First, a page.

Metal and electronics 3D printing solutions provider Optomec was awarded a $1 million contract from the US Air Force in late 2020 to create and install a high-volume additive repair platform for refurbishing turbine engine components at Tinker Air Force Base in Oklahoma City. It seems to be going well, as Optomec recently announced that it’s received a $500,000 process development contract from the Air Force Sustainment Center at Tinker AFB in order to extend these repair applications. With the contract, the company will be responsible for developing production recipes for the additive repair of flight-critical jet engine components, specifically for F-15 and F-16 fighter jets.
This program, with a projected ROI of 184% and a payback period of less than two years, could help the Air Force save millions of dollars. Militaries around the world are realizing that AM technologies can be very useful when it comes to the critical task of maintaining readiness, and as the USAF works to maintain a fleet of over 5,000 aircraft with an average age of 28 years, cost-effective solutions like 3D printing are necessary.
Optomec already offers many different turnkey process recipes for various common metal alloys and applications, which are used by its production customers to majorly decrease adoption time for adding additive technology to the shop floor. In this instance, the company’s metal LENS AM technology, which stands for laser engineered net shaping and is a version of powder-fed Directed Energy Deposition (DED) printing, will be used for additive repairs. This technology helps improve part performance and decrease product cost for industries, like aviation and defense, that are looking to complete sustainable repairs for extremely complex machinery.
According to the recent SmarTech Analysis “DED and Large-Format Additive Manufacturing Markets: 2021-2030” report, additive processes such as DED, WAAM, and large-format PBF are “rapid but rough cut and require significant post processing,” as the systems are almost more machine tools than 3D printers…good for heavy-duty applications, like jet engines. Optomec’s LENS systems, paired with Huffman’s laser cladding technologies, have been applied in the aviation and power generation sectors before, with many of the more than 200 machines the company has delivered so far used in high volume production of other turbine engine parts, and to repair more than 10 million components over the last two decades.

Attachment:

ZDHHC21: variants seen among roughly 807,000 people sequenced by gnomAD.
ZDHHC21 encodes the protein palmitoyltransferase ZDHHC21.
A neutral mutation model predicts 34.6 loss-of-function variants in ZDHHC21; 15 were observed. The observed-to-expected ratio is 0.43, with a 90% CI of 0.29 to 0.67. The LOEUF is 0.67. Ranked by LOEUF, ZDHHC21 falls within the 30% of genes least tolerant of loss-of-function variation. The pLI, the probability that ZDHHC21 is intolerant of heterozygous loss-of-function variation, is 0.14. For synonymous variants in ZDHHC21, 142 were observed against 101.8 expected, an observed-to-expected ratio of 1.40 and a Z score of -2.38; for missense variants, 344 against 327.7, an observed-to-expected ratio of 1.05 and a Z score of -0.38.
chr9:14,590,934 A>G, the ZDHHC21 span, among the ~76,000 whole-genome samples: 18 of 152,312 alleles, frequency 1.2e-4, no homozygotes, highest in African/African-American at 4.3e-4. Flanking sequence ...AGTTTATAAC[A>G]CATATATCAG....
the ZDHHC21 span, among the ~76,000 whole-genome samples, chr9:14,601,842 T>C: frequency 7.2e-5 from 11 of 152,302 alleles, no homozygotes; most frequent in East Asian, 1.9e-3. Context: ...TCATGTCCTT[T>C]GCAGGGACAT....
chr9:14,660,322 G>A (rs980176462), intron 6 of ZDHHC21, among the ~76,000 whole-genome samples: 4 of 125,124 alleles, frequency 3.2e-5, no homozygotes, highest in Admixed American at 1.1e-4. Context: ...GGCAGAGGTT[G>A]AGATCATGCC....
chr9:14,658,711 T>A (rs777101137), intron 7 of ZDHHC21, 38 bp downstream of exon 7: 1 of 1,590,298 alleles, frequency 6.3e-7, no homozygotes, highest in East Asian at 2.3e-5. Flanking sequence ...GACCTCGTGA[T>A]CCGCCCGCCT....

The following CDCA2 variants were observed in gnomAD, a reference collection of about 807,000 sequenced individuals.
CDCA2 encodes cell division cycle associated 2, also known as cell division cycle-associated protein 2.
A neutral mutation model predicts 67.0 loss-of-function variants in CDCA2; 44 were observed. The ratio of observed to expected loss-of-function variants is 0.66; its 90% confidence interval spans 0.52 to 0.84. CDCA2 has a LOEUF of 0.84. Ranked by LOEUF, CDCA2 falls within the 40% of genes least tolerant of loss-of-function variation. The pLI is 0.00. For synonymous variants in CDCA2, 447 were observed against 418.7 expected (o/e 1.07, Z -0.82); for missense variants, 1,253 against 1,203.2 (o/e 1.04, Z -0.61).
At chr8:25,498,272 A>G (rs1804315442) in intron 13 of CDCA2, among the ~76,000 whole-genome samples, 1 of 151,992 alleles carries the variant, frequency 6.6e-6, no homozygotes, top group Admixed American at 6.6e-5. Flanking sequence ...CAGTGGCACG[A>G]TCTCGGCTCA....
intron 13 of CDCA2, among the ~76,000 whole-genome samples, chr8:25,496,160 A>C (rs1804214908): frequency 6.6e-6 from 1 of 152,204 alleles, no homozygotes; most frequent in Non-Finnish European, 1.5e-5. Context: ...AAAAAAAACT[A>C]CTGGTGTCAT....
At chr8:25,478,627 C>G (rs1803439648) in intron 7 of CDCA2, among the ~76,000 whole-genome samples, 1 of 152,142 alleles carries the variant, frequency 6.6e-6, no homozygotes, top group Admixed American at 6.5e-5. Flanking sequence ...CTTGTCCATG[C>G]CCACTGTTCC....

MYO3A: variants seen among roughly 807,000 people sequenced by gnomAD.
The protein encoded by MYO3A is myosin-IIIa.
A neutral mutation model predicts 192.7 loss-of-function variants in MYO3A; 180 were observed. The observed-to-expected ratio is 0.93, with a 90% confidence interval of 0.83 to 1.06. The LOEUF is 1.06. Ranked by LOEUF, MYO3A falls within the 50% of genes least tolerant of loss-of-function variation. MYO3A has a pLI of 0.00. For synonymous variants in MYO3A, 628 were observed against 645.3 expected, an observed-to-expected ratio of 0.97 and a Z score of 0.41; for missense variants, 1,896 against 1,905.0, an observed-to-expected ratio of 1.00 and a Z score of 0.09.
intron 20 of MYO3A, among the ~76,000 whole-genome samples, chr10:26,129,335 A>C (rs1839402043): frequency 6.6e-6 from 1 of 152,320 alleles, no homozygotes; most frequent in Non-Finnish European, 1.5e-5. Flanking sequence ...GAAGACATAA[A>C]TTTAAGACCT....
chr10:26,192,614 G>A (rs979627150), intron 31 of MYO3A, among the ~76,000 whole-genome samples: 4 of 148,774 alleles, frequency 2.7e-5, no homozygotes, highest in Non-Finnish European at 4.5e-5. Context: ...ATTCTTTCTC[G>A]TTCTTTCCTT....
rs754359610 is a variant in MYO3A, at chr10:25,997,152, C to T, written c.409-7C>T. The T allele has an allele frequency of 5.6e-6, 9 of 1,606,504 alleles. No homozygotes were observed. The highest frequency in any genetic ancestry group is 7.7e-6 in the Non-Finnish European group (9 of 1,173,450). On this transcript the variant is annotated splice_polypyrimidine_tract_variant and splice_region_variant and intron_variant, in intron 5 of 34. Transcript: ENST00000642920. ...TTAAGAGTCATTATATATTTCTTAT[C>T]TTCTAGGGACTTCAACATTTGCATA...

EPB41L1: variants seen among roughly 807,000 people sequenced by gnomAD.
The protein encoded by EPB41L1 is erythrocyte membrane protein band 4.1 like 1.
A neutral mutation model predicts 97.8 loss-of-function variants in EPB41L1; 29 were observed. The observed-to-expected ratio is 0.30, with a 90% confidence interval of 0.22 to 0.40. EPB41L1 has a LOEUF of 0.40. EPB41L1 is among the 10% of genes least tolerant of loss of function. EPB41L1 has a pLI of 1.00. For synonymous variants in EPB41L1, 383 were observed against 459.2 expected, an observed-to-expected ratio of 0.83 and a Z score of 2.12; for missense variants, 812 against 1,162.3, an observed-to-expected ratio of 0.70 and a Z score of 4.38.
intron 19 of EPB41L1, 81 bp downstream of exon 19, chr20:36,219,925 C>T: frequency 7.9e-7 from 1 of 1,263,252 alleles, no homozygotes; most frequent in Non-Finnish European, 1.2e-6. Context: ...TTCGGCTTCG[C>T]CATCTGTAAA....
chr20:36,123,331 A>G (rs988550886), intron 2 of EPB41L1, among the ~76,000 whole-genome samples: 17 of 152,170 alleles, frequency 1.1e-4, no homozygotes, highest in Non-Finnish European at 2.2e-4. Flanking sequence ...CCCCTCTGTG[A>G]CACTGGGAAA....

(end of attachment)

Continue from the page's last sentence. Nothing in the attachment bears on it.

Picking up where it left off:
“The turbine industry has already widely adopted Optomec’s automated DED solution for high volume nickel alloy repair of aviation parts; meanwhile Optomec has worked out the process recipes for titanium repair. This solution essentially takes Optomec’s titanium repair process to high volume levels where it will have a major impact on lowering maintenance costs as engine OEMs use more and more titanium,” stated Jamie Hanson, Optomec’s VP of Business Development.
With this new USAF contract, Optomec’s LENS technology will be put to the test, along with some proprietary enabling machine capabilities such as batch automation using oxygen-free material handling, advanced vision and distortion compensation software, and Controlled Atmosphere processing. The focus will be on setting up optimized procedures and process parameters for additive repair of F-15 and F-16 turbine blades, made from nickel-based superalloys as well as titanium—the latter of which is being used more and more for aircraft engines in the commercial and military aviation markets. By working on this project, Optomec will gain even further experience in high-volume titanium repair that has to take place in oxygen-free environments for optimal mechanical performance and metallurgy.
The 3D printable libraries and recipes that Optomec will develop as part of this project will be added to the workflow at the same time as an advanced automated turbine blade repair machine.
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